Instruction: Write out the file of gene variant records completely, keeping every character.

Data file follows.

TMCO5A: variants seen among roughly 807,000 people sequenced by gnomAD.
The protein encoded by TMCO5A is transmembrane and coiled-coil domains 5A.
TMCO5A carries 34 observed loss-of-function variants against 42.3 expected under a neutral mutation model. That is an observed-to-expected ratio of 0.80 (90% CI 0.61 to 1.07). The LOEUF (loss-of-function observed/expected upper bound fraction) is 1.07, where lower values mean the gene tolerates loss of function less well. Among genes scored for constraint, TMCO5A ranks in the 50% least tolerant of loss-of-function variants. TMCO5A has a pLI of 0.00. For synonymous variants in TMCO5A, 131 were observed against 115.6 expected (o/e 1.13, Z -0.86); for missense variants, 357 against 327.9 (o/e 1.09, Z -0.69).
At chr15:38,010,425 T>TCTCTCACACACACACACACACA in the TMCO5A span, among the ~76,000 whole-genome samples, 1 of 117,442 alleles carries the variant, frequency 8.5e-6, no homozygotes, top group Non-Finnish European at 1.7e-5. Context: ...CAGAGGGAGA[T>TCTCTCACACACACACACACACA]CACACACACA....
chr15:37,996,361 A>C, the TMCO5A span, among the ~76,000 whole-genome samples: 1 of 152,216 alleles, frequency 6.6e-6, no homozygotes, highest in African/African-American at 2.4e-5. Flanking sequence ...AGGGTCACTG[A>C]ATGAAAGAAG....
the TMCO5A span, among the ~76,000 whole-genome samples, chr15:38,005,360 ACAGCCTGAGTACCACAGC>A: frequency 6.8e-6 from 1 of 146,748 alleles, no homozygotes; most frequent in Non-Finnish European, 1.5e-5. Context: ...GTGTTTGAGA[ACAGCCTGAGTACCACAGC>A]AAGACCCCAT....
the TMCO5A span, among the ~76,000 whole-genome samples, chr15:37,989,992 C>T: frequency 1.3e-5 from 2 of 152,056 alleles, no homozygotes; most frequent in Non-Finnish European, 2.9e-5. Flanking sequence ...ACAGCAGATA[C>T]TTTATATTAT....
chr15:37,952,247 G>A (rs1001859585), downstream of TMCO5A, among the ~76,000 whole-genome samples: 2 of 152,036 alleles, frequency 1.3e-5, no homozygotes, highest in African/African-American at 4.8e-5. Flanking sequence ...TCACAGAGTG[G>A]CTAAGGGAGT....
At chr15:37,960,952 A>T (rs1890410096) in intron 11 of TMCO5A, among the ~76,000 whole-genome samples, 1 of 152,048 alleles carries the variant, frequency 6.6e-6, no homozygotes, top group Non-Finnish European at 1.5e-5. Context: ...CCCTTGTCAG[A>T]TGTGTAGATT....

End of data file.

TMCO5A: variants seen among roughly 807,000 people sequenced by gnomAD.
The protein encoded by TMCO5A is transmembrane and coiled-coil domains 5A.
TMCO5A carries 34 observed loss-of-function variants against 42.3 expected under a neutral mutation model. That is an observed-to-expected ratio of 0.80 (90% CI 0.61 to 1.07). The LOEUF (loss-of-function observed/expected upper bound fraction) is 1.07, where lower values mean the gene tolerates loss of function less well. Among genes scored for constraint, TMCO5A ranks in the 50% least tolerant of loss-of-function variants. TMCO5A has a pLI of 0.00. For synonymous variants in TMCO5A, 131 were observed against 115.6 expected (o/e 1.13, Z -0.86); for missense variants, 357 against 327.9 (o/e 1.09, Z -0.69).
At chr15:38,010,425 T>TCTCTCACACACACACACACACA in the TMCO5A span, among the ~76,000 whole-genome samples, 1 of 117,442 alleles carries the variant, frequency 8.5e-6, no homozygotes, top group Non-Finnish European at 1.7e-5. Context: ...CAGAGGGAGA[T>TCTCTCACACACACACACACACA]CACACACACA....
chr15:37,996,361 A>C, the TMCO5A span, among the ~76,000 whole-genome samples: 1 of 152,216 alleles, frequency 6.6e-6, no homozygotes, highest in African/African-American at 2.4e-5. Flanking sequence ...AGGGTCACTG[A>C]ATGAAAGAAG....
the TMCO5A span, among the ~76,000 whole-genome samples, chr15:38,005,360 ACAGCCTGAGTACCACAGC>A: frequency 6.8e-6 from 1 of 146,748 alleles, no homozygotes; most frequent in Non-Finnish European, 1.5e-5. Context: ...GTGTTTGAGA[ACAGCCTGAGTACCACAGC>A]AAGACCCCAT....
the TMCO5A span, among the ~76,000 whole-genome samples, chr15:37,989,992 C>T: frequency 1.3e-5 from 2 of 152,056 alleles, no homozygotes; most frequent in Non-Finnish European, 2.9e-5. Flanking sequence ...ACAGCAGATA[C>T]TTTATATTAT....
chr15:37,952,247 G>A (rs1001859585), downstream of TMCO5A, among the ~76,000 whole-genome samples: 2 of 152,036 alleles, frequency 1.3e-5, no homozygotes, highest in African/African-American at 4.8e-5. Flanking sequence ...TCACAGAGTG[G>A]CTAAGGGAGT....
At chr15:37,960,952 A>T (rs1890410096) in intron 11 of TMCO5A, among the ~76,000 whole-genome samples, 1 of 152,048 alleles carries the variant, frequency 6.6e-6, no homozygotes, top group Non-Finnish European at 1.5e-5. Context: ...CCCTTGTCAG[A>T]TGTGTAGATT....